By Adriane Heins
When the 6.35 million-member Ethiopian Evangelical Church Mekane Yesus (EECMY) broke fellowship with the Evangelical Lutheran Church in America (ELCA) in February 2013, the Rev. Dr. Albert B. Collver III, LCMS director of Church Relations and Regional Operations, noted that “world Lutheranism, particularly in Africa, is undergoing a realignment.”
Less than a year later, that realignment has moved the EECMY and the LCMS even closer, as representatives met in Addis Ababa, Ethiopia, Jan. 23-26 to discuss entering purposeful discussions about the relationship between the two churches.
“I never thought the day the EECMY and the LCMS would begin formal discussions would come so quickly,” Collver said. “The EECMY professes commitment to the Holy Scriptures and sees the LCMS as a natural partner. The willingness to discuss doctrine in a serious way and to re-examine positions and practices is truly a gift from God.”
The EECMY ended formal fellowship with the ELCA last spring due largely to the latter’s allowance of gay and lesbian clergy. The EECMY initially sent an official letter to then-Presiding Bishop Mark Hanson of the ELCA, urging the church to return to the “eternal holy and inspired Word of God” with regard to human sexuality, noting that, “The fundamental position of the EECMY on any ethical issue including homosexual practice rests on her belief in the eternal truth of teaching of the Holy Scripture and not on human decision.” When the EECMY failed to receive a response from the ELCA, the church’s General Assembly voted to end fellowship.
Since then, representatives from the EECMY and LCMS have discovered that “both church bodies believe that the Holy Scriptures are the Word of God and the only source and infallible norm of all church doctrine and practice,” a Jan. 27 joint EECMY-LCMS press release noted. “Both churches also subscribe to the Lutheran Confessions.”
But while theological differences occur and must be discussed, representatives for the two churches “believe that the common confession they share about the Holy Scriptures and acceptance of the ecumenical creeds, the unaltered Augsburg Confession, and the Small and Large Catechisms justifies, even demands, that the two churches engage in more formal discussion regarding areas of agreement and disagreement.”
The initial meetings in Ethiopia included the Rev. Dr. Wakseyoum Idosa, president of the EECMY; the Rev. Dr. Berhanu Ofgaa, EECMY general secretary; the Rev. Dr. Matthew C. Harrison, president of the LCMS; Collver; and LCMS missionaries Rev. Dr. Carl Rockrohr, dean of the School of Theology at Mekane Yesus Seminary, and Deaconess Dr. Deborah Rockrohr.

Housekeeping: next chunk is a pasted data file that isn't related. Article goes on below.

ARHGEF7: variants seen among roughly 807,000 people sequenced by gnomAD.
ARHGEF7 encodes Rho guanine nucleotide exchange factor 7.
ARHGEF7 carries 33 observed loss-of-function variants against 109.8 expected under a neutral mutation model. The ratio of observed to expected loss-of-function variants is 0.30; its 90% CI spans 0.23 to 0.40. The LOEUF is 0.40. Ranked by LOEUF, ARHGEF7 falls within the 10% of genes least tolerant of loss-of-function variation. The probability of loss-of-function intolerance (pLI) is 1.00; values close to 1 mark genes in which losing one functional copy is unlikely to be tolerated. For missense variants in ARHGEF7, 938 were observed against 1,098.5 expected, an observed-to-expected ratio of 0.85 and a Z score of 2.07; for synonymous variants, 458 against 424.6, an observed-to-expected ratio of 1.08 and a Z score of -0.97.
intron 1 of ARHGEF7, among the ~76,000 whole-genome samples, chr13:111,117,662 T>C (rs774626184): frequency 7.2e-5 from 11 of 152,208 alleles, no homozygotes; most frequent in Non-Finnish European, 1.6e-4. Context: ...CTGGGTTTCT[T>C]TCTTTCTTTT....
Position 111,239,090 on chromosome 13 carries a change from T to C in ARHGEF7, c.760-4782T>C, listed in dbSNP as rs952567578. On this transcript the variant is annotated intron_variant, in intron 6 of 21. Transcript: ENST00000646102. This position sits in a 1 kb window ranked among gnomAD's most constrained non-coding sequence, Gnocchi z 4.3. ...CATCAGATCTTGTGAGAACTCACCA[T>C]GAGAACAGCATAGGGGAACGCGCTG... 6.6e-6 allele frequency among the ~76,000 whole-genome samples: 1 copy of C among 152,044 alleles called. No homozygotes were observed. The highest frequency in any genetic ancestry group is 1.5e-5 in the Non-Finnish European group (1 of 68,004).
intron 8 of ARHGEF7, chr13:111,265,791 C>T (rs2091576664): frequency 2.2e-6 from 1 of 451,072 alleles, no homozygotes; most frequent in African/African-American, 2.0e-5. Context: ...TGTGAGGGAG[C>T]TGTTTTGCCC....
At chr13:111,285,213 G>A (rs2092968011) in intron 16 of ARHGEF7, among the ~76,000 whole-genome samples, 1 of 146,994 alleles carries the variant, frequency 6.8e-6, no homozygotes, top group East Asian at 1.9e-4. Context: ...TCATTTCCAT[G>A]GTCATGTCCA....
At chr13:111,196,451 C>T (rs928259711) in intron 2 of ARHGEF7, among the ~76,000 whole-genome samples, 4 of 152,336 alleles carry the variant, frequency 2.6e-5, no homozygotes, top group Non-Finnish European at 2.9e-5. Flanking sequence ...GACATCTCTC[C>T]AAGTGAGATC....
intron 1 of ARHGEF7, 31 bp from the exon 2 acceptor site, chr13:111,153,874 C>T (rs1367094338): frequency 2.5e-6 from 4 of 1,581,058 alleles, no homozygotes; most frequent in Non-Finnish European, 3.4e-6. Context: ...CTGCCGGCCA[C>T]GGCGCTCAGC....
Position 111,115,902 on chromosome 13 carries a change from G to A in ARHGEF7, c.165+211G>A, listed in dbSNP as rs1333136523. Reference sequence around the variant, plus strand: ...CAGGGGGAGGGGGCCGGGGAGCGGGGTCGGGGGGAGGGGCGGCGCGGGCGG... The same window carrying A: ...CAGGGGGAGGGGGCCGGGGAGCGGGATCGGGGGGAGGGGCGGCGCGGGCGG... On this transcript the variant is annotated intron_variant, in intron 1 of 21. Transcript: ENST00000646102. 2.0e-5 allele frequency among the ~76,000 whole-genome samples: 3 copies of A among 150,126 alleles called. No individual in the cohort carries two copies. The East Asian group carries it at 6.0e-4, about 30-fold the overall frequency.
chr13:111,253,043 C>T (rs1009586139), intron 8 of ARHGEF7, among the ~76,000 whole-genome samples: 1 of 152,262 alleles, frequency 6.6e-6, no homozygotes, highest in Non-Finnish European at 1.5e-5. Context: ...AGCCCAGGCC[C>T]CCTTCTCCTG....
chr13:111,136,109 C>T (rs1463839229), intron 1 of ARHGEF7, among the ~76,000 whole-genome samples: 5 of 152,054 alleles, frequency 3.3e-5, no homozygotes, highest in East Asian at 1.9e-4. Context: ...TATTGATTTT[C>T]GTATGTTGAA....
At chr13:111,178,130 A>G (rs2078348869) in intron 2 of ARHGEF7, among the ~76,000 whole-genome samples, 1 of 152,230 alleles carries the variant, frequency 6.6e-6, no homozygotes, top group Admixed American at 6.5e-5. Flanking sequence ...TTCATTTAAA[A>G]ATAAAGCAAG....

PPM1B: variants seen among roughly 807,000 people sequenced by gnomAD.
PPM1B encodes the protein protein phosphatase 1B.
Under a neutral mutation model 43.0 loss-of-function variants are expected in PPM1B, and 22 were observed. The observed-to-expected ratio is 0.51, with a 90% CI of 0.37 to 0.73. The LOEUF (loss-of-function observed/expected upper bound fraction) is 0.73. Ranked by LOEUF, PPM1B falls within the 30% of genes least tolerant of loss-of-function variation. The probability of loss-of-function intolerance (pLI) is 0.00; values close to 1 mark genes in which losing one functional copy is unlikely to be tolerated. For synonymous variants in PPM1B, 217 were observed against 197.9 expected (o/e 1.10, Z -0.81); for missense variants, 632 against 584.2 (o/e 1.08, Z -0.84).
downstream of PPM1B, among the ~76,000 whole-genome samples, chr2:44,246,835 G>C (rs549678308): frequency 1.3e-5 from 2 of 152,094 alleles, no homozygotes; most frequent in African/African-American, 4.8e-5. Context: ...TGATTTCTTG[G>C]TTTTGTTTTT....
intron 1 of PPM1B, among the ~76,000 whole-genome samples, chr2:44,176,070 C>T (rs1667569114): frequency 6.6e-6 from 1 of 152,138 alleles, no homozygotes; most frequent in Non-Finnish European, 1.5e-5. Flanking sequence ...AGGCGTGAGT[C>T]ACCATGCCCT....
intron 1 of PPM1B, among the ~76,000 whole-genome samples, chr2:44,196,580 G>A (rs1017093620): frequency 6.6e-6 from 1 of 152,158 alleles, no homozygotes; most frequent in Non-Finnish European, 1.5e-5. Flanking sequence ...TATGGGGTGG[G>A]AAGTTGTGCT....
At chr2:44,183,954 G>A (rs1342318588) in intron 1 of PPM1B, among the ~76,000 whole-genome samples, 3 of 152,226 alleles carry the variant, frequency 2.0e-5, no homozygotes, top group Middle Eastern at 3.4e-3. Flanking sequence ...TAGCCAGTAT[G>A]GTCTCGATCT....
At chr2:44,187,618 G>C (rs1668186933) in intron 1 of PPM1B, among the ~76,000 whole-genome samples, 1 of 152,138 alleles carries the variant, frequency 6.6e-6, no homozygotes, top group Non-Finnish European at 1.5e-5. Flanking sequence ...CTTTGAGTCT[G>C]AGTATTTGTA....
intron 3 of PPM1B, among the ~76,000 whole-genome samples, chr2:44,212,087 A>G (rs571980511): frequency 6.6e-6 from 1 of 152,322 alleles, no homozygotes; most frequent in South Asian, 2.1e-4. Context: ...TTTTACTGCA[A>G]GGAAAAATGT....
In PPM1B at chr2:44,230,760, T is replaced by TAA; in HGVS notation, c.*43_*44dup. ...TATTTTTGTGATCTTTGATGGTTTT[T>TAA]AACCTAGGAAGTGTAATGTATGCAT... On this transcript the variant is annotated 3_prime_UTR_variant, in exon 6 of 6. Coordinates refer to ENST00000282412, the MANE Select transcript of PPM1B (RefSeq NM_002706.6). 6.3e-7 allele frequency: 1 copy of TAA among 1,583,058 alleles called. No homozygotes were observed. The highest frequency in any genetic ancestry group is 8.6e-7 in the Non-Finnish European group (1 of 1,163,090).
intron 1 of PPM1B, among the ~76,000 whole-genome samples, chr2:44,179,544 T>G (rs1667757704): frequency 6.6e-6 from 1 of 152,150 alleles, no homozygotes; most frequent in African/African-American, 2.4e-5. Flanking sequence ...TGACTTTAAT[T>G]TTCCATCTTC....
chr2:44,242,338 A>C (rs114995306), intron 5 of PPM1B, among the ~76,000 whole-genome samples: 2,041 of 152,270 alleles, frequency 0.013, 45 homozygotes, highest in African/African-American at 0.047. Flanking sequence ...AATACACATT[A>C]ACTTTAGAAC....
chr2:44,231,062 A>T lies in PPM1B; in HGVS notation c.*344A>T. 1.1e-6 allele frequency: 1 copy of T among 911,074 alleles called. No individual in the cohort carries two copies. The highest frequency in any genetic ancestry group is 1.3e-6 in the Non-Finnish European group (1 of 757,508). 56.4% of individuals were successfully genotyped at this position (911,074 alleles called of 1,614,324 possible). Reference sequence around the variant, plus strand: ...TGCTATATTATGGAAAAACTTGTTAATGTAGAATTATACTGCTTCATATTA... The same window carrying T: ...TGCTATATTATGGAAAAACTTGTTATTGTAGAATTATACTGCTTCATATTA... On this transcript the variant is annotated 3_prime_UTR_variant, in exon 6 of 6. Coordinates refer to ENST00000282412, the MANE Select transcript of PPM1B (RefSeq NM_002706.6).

During those meetings, “President Harrison commended the Mekane Yesus church for desiring to remain faithful to the Holy Scriptures and for taking difficult stands on biblical teaching that were unpopular with her partners,” noted Collver.
“While holding his Bible in hand, President Wakseyoum stated the EECMY’s and the LCMS’ commitment to the Holy Scriptures was the primary reason that the two churches should be talking to one another.”
Those future discussions will include, according to the release, “a three-member team from each church body, along with the church bodies’ respective presidents” and will begin within the next nine months.
The faithful witness of the EECMY and LCMS and their future deliberations are clearly a source of joy for both church-body presidents. Wakseyoum believes that, “through the guidance of the Holy Spirit and the study of the Holy Scriptures, both church bodies would come closer to each other.” Harrison noted that, “Contact between our church bodies began almost a decade ago. We have been tremendously encouraged by Mekane Yesus’ public confession of the Holy Scriptures regarding issues of sexuality. Their zeal in outreach is something the Missouri Synod can learn from. I am glad that we have come by God’s grace to this moment of serious dialogue.”
Ultimately, “Although we do not know what the outcome of these talks will be,” Collver said, “we give thanks to God for the willingness to discuss and pray for the Holy Spirit’s guidance as the discussions begin.”
Adriane Heins is executive editor of The Lutheran Witness.
Updated Jan. 28, 2014 / Jan. 30, 2014